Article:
Why some strong candidates fail to secure a role
Every day we see fantastically talented candidates apply for roles. While many of them are successful, some fail to actually secure a board role. In all of these cases, it’s not as a result of a lack of talent, it’s down to a poor presentation of that talent, both at the application and at the interview stage, if they get that far.
Here we explain what to include and what to exclude from your application to give you the best chance of progressing to the next stage, and then we reveal how to give yourself your best shot at the interview to vastly increase your odds of being offered the position.
How to write a successful job application for a board role
To write a successful job application for a board role, follow these 8 key rules:
1. Always fill in the application form when applying for a board role
Highly successful people occasionally consider themselves above filling out a job application, they think a quick phone call or email saying they’d like the role will do. In most cases it won’t. A typical reaction from the chair of a board to a failure to submit an application form is, “if someone doesn’t have the humility or time to apply for the role they are unlikely to fit in with the culture and hours that this board requires.”
2. Do not try and cut out the middleman when applying for a board role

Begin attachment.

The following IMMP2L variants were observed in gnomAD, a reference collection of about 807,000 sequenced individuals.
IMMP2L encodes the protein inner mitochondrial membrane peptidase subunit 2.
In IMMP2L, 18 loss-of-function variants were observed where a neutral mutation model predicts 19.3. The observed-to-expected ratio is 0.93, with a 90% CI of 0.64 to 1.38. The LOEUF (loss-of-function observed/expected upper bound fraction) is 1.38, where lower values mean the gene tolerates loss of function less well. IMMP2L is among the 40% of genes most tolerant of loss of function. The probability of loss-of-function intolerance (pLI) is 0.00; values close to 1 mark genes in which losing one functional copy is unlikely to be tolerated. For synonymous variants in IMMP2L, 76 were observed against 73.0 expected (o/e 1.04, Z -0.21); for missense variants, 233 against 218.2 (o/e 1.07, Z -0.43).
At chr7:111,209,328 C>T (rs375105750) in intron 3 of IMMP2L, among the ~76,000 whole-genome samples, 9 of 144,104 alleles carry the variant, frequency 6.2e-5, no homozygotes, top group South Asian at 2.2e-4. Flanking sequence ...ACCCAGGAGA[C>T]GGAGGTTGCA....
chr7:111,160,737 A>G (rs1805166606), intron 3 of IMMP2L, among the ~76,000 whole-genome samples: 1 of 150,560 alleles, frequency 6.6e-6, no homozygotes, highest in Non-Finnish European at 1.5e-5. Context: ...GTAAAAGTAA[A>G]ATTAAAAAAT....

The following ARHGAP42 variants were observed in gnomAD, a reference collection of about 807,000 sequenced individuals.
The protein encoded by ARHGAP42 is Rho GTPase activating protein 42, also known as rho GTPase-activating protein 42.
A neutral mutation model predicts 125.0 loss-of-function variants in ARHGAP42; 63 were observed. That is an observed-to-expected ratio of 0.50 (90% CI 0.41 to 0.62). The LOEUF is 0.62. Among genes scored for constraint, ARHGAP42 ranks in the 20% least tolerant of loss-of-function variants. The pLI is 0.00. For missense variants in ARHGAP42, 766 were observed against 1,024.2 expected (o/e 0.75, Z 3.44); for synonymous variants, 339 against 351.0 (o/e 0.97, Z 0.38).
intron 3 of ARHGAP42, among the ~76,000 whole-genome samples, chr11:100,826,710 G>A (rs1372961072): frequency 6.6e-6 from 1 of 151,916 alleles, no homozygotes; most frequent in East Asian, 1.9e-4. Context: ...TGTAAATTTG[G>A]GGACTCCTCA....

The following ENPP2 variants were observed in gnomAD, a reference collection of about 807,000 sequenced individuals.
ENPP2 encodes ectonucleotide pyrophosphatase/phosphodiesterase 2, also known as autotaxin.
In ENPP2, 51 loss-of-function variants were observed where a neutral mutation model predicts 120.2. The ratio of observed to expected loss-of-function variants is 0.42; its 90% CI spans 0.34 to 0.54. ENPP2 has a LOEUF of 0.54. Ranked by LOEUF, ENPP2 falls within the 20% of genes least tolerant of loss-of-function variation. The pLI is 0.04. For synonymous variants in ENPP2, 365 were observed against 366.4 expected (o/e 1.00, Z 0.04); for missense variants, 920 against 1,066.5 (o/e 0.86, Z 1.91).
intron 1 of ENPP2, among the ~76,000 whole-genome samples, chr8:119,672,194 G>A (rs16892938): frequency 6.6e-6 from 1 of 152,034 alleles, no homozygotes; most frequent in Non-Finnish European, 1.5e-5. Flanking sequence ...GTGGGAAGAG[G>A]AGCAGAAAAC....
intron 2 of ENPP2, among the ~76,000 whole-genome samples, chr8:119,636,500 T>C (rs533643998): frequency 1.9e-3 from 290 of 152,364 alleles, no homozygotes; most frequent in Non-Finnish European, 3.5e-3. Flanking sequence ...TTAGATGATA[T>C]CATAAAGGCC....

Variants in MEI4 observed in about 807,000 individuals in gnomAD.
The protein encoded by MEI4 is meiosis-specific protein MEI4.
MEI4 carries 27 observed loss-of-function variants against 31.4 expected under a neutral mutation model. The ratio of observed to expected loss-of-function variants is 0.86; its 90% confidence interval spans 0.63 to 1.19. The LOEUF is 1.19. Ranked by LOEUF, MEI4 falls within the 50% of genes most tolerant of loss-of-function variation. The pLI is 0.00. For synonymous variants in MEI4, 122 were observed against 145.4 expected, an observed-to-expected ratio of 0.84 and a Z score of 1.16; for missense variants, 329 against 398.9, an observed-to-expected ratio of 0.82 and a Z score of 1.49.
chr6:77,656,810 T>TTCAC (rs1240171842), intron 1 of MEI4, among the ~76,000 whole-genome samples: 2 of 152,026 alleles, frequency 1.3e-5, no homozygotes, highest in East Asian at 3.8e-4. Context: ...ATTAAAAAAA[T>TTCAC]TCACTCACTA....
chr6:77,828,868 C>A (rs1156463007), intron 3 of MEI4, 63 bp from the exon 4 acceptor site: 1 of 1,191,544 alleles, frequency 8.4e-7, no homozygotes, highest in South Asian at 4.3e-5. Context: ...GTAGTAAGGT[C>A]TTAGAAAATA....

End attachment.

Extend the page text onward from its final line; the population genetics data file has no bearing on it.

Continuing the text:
Boards use headhunters or particular executive search platforms for a reason. They do not want candidates to bypass this screening process. Doing so risks irritating the board and may bring them to question whether you will try and dodge more serious corporate governance instructions.
3. Do not ask the board to carry out any research when applying for a board role
You must give the recruiters everything on a plate. Do not advise them to look you up on LinkedIn or Google your name. You must invest time in showing the board what you can do within the small written window they have given you.
4. Do your own thorough research when applying for a board role
Not only should you have read all the recent press and company reports, researched the organisation’s goals and values and thoroughly examined their goods and services, you should also do some background on the board members themselves. Check out their various expertise and then highlight how your skills could complement those offered by existing board members.
5. Show don’t tell when applying for a board role
It’s easy to tell the board of a tech start-up that you are passionate about technology, but that doesn’t actually explain anything to them about the source of your passion. Mention your Masters in ICT (Information and Communication Technology) law and how you successfully launched and scaled-up a digital laundry delivery platform that you went on to sell to a Venture Capital company. Give them the evidence to back up your claim.
6. Don’t assume anything when applying for a board role
You may have sold My Fantastic Company for millions of dollars, and while My Fantastic Company may have been the largest player in the electric valve actuator market at the time, the board you are applying to may not have heard of it, or know what an electric valve actuator does. Don’t expect the board to have any prior knowledge of you.
7. Explain the relevance of your experience when applying for a board role